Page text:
Agriculture Secretary John R. Block said yesterday that the United States will sell Algeria up to 1 million metric tons of wheat in the first of a series of subsidized sales designed to offset what he termed unfair trade practices by competing agricultural nations.
Block, who earlier had conceded that the subsidies were "not good policy," said Algeria was targeted for the first sale because the European Economic Community (EEC) had displaced the United States as that country's chief supplier of wheat in the last five years.
The secretary said that since 1979 the U.S. share of the Algerian market has dropped from 41 percent to 16 percent while the EEC share went from 29 percent to 59 percent because of subsidies that undercut American prices.
Block said that this and forthcoming sales are intended to allow U.S. farmers to compete more effectively while "sending a message" to other agricultural exporting nations that it is time to reform world trading rules.
An EEC agricultural official in Washington, Durwent Renshaw, said it was "premature to give a detailed reaction . . . the secretary did not give many details. The program doesn't seem to be very well conceived. The only sure thing is that it will depress world prices."
Some U.S. legislators and export company officials have expressed similar criticisms of the subsidy program. But the Reagan administration, under strong pressure from farm-state lawmakers to demonstrate its seriousness about recapturing slumping export markets, has reluctantly gone ahead.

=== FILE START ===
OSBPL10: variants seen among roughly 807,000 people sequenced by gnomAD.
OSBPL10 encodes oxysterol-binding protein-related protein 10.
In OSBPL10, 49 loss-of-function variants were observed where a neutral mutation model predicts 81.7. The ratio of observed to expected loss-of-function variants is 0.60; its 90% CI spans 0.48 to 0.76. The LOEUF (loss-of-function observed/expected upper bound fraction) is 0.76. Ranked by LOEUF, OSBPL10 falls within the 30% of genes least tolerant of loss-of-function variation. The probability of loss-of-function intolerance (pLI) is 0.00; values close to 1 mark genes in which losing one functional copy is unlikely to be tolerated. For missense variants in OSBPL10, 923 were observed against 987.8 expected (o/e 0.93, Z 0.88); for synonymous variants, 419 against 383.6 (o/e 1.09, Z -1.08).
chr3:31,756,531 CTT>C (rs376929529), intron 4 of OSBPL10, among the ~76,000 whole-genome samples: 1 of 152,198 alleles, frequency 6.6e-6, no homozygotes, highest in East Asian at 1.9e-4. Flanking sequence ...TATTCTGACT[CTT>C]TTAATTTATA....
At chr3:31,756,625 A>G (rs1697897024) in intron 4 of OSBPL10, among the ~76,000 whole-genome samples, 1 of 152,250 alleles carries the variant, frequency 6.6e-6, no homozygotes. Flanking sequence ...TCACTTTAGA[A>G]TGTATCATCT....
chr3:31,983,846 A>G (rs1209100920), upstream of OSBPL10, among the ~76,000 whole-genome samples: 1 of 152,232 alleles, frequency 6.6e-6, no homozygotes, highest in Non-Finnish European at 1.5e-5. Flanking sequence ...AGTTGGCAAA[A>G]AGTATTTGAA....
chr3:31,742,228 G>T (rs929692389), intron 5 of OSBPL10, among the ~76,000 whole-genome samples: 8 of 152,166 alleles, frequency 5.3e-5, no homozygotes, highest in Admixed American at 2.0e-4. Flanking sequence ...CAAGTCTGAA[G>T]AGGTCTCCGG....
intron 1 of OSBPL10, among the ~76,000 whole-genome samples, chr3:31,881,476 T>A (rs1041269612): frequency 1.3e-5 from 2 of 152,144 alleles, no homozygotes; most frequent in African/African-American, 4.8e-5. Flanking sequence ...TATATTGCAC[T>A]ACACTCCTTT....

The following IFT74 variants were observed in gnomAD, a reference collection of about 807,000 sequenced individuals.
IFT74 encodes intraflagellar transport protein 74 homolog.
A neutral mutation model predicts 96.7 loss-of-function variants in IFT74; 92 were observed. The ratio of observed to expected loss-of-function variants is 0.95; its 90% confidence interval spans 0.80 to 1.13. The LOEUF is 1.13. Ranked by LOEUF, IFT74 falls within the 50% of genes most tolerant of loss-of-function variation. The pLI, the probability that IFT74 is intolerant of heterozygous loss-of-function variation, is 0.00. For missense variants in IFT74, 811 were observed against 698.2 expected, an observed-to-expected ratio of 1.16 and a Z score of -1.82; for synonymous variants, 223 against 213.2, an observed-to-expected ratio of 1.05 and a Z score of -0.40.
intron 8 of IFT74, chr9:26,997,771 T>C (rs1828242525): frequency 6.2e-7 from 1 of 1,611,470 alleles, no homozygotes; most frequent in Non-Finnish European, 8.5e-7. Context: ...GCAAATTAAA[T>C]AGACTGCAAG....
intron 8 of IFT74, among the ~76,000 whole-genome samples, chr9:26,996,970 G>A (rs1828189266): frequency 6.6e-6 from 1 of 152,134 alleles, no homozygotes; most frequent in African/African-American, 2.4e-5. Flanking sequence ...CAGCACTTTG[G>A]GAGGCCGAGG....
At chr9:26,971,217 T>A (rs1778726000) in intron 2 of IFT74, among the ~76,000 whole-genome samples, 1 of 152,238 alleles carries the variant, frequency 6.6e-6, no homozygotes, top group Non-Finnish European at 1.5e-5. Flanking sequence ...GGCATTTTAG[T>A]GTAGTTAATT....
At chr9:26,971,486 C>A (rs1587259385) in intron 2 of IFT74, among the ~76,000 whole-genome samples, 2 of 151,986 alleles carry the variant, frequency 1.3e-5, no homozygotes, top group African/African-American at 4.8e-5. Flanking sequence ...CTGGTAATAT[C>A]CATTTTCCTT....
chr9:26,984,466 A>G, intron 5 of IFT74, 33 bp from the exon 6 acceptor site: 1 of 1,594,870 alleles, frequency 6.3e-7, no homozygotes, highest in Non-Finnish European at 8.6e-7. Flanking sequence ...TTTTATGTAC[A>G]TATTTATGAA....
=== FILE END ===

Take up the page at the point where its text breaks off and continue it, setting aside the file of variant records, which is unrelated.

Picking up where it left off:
The administration agreed to the subsidy scheme as part of a deal forced by farm-state legislators in return for votes on a budget resolution in the Senate last month.
Sen. Edward Zorinsky (D-Neb.), one of the key players in the deal, was at Block's side yesterday as he announced the subsidized sale to Algeria.
Alluding to the pressure from Capitol Hill, Block noted that "the American farmer has lost 25 percent of his international markets in the last five years." That situation, he said, was "politically intolerable."
But he ranked the strong dollar and government programs that "have priced the American farmer out of the market" ahead of unfair trading practices as factors in the fall of export sales from a high of $44 billion in 1981 to a projected $33.5 billion this year.
Block also said the United States is prepared to spend "every penny" of the $2 billion allocated for the subsidies over the next three years. He indicated that future subsidized sales will aim at markets where U.S. commodities face unfair competition.
"We're not going to shoot everyone in sight," Block said. "We will target where we have been victimized."
"The export enhancement program is not one we would freely choose. It is a risky, yet necessary step," the agriculture secretary continued. "We see it as a counter to unfair trade practices in the present, and as an encouragement to trade talks in the future."
Block, who left for Europe for meetings with EEC officials after his announcement, said he was uncertain what their reaction would be, but he said:
"There is no question about it . . . they are very apprehensive about this program."
The mechanics of the subsidized sale were unclear.
Block said that it would operate through bids submitted by exporters. The winning bidder would buy wheat on the domestic market for resale to Algeria, and the Agriculture Department would use government-owned surplus wheat as payment to make up the difference between the exporter's cost and the sale price.
USDA officials indicated that Algeria would benefit either by receiving part of the surplus as a bonus for buying American wheat or by paying a lower price for the U.S. product than is now offered by the EEC.